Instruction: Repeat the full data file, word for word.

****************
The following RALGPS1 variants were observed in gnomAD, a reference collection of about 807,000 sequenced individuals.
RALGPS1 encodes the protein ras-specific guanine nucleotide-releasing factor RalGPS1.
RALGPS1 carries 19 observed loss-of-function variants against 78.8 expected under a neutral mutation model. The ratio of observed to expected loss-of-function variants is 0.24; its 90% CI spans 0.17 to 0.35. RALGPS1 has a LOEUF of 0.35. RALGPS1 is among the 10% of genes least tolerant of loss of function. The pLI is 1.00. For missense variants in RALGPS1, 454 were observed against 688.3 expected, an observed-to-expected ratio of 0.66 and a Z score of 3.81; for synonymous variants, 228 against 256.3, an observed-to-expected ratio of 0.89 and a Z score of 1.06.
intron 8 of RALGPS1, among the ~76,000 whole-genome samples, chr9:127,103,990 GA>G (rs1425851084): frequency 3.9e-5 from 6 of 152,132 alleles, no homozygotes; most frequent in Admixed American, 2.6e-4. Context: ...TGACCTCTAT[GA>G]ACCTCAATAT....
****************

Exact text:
The following RALGPS1 variants were observed in gnomAD, a reference collection of about 807,000 sequenced individuals.
RALGPS1 encodes the protein ras-specific guanine nucleotide-releasing factor RalGPS1.
RALGPS1 carries 19 observed loss-of-function variants against 78.8 expected under a neutral mutation model. The ratio of observed to expected loss-of-function variants is 0.24; its 90% CI spans 0.17 to 0.35. RALGPS1 has a LOEUF of 0.35. RALGPS1 is among the 10% of genes least tolerant of loss of function. The pLI is 1.00. For missense variants in RALGPS1, 454 were observed against 688.3 expected, an observed-to-expected ratio of 0.66 and a Z score of 3.81; for synonymous variants, 228 against 256.3, an observed-to-expected ratio of 0.89 and a Z score of 1.06.
intron 8 of RALGPS1, among the ~76,000 whole-genome samples, chr9:127,103,990 GA>G (rs1425851084): frequency 3.9e-5 from 6 of 152,132 alleles, no homozygotes; most frequent in Admixed American, 2.6e-4. Context: ...TGACCTCTAT[GA>G]ACCTCAATAT....